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For Shirin Mazari, who serves as human rights minister in Khan’s cabinet, the ouster of Khan will have grave consequences for Pakistan’s future. “If the likes of the PMLN and PPP [Pakistan People’s Party] come back to power,” she says, “we will see more corruption and a return to a servile foreign policy that has cost us dearly in terms of lives lost and compromises on critical issues.”
Faced with the greatest challenge of his political career, Khan himself is falling back on a favorite tactic: accusing foreign powers of plotting with his opponents in retaliation for his refusal to do Western bidding. At the center of his counterattack is a mysterious diplomatic cable sent by Pakistan’s then ambassador to the U.S., Asad Majeed Khan.
The missive, which has not been made public, purportedly relays a State Department assessment that Pakistan-U.S. relations have deteriorated under Khan and that a restoration of cordial ties would depend on his removal. The prime minister says this is evidence of a Washington-backed conspiracy to oust him. The State Department has denied the allegation.
Maleeha Lodhi, who served as Pakistan’s envoy to Washington from 1999 to 2002, says the idea that the Biden administration is involved in trying to remove the prime minister is an absurdity. “This is little more than a political ploy by a beleaguered government that has no basis in fact,” she says.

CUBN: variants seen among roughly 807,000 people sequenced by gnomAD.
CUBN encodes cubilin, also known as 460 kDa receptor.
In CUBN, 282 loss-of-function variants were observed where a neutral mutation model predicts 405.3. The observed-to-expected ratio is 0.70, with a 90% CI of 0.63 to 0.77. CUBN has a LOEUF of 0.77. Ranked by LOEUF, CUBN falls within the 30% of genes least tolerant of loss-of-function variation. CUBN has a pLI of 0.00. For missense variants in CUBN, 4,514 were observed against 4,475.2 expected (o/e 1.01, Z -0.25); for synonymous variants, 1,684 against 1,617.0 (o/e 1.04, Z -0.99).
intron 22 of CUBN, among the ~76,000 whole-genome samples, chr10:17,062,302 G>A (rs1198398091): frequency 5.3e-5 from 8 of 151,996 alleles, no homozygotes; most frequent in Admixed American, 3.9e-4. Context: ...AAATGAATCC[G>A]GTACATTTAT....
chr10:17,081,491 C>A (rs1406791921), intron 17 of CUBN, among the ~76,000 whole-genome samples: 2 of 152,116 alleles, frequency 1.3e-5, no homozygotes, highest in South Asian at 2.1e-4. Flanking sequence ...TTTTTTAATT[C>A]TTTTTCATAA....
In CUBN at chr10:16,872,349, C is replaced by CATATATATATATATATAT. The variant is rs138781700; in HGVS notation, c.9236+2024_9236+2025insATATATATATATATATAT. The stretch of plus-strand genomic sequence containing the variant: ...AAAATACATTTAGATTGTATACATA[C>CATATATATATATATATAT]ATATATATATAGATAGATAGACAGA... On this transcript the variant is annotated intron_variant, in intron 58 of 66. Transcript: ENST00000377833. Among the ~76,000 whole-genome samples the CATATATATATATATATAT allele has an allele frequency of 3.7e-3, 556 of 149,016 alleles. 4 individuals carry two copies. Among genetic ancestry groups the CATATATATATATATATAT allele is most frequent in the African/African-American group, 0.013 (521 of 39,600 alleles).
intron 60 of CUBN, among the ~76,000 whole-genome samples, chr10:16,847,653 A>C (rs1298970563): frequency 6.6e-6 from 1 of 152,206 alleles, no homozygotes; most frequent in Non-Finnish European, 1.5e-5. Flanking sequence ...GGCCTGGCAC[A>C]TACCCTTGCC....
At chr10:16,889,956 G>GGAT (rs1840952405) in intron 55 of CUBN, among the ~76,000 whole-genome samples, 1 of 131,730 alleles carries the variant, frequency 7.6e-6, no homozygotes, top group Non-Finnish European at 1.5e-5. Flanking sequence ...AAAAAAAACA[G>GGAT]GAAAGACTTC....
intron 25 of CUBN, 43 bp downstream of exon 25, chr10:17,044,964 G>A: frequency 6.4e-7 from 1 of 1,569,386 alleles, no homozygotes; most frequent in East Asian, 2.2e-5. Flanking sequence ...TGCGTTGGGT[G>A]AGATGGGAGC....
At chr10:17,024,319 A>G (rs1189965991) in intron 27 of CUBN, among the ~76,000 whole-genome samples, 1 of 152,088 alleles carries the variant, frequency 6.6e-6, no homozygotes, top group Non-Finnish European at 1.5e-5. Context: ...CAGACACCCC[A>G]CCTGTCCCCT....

Former foreign affairs adviser Aziz floats the possibility that Khan is looking to the future. “My own view is that he is building a narrative to use in the next election,” he tells TIME, accusing Khan of whipping up anti-American sentiment “for his own political end.”
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In a televised address to the nation on Thursday, Khan solemnly announced that Pakistan was at a crossroads. “This Sunday, the country will discover its fate. Will it continue with the same policy of slavery, with the same corrupt people?” he asked, before promising to fight until the last to foil the “international plot” to remove him.
Leaving abuses of power and conspiracy theories aside, simple pocketbook issues are explanation enough for Khan’s decline, say his political opponents.
“There’s been such a huge rise in inflationary pressure and macroeconomic imbalances that the ordinary person in Pakistan is struggling,” says Sherry Rehman, a Pakistani senator. “Staples like cooking oil, vegetables, meat, gasoline—all of these things have become very sharply priced, and it’s been a very harrowing time for the Pakistani people.”
If Khan loses the no-confidence vote, supporters are confident he will be returned to power in the next general election, which must be held no later than Oct. 12, 2023.
Others, like Shahid Khaqan, who preceded Khan as prime minister, are not so sure.
“He has a legacy of basically nothing,” Khaqan tells TIME. “Did he do anything to ensure posterity? No. Did he do anything to improve the system? No. So I don’t think history will judge him very well. He’ll be another footnote—just another footnote.”